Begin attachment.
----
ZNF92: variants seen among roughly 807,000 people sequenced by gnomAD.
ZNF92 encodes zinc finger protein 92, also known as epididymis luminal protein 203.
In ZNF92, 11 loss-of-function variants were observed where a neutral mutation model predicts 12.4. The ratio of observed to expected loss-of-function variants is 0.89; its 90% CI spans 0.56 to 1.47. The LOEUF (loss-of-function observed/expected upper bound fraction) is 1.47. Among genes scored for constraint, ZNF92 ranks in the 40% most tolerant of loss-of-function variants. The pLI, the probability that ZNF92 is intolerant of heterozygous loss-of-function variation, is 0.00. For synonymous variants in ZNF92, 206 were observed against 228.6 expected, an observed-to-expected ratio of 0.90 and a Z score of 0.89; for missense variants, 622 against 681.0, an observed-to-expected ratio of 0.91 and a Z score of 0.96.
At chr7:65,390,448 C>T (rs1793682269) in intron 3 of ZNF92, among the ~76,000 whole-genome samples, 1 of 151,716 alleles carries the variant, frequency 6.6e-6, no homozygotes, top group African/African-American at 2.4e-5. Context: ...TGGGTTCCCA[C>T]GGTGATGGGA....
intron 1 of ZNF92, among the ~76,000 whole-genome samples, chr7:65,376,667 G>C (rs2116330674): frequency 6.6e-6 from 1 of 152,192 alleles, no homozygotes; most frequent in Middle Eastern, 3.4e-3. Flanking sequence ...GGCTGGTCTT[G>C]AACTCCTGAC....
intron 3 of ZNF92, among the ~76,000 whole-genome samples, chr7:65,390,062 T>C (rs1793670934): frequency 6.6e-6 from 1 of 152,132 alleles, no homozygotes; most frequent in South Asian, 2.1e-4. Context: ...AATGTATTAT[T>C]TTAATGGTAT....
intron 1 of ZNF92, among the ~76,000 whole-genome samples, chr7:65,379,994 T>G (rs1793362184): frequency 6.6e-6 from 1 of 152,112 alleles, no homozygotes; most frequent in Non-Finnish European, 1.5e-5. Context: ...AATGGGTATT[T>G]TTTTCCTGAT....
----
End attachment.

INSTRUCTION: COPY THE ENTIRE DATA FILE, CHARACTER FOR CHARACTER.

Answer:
ZNF92: variants seen among roughly 807,000 people sequenced by gnomAD.
ZNF92 encodes zinc finger protein 92, also known as epididymis luminal protein 203.
In ZNF92, 11 loss-of-function variants were observed where a neutral mutation model predicts 12.4. The ratio of observed to expected loss-of-function variants is 0.89; its 90% CI spans 0.56 to 1.47. The LOEUF (loss-of-function observed/expected upper bound fraction) is 1.47. Among genes scored for constraint, ZNF92 ranks in the 40% most tolerant of loss-of-function variants. The pLI, the probability that ZNF92 is intolerant of heterozygous loss-of-function variation, is 0.00. For synonymous variants in ZNF92, 206 were observed against 228.6 expected, an observed-to-expected ratio of 0.90 and a Z score of 0.89; for missense variants, 622 against 681.0, an observed-to-expected ratio of 0.91 and a Z score of 0.96.
At chr7:65,390,448 C>T (rs1793682269) in intron 3 of ZNF92, among the ~76,000 whole-genome samples, 1 of 151,716 alleles carries the variant, frequency 6.6e-6, no homozygotes, top group African/African-American at 2.4e-5. Context: ...TGGGTTCCCA[C>T]GGTGATGGGA....
intron 1 of ZNF92, among the ~76,000 whole-genome samples, chr7:65,376,667 G>C (rs2116330674): frequency 6.6e-6 from 1 of 152,192 alleles, no homozygotes; most frequent in Middle Eastern, 3.4e-3. Flanking sequence ...GGCTGGTCTT[G>C]AACTCCTGAC....
intron 3 of ZNF92, among the ~76,000 whole-genome samples, chr7:65,390,062 T>C (rs1793670934): frequency 6.6e-6 from 1 of 152,132 alleles, no homozygotes; most frequent in South Asian, 2.1e-4. Context: ...AATGTATTAT[T>C]TTAATGGTAT....
intron 1 of ZNF92, among the ~76,000 whole-genome samples, chr7:65,379,994 T>G (rs1793362184): frequency 6.6e-6 from 1 of 152,112 alleles, no homozygotes; most frequent in Non-Finnish European, 1.5e-5. Context: ...AATGGGTATT[T>G]TTTTCCTGAT....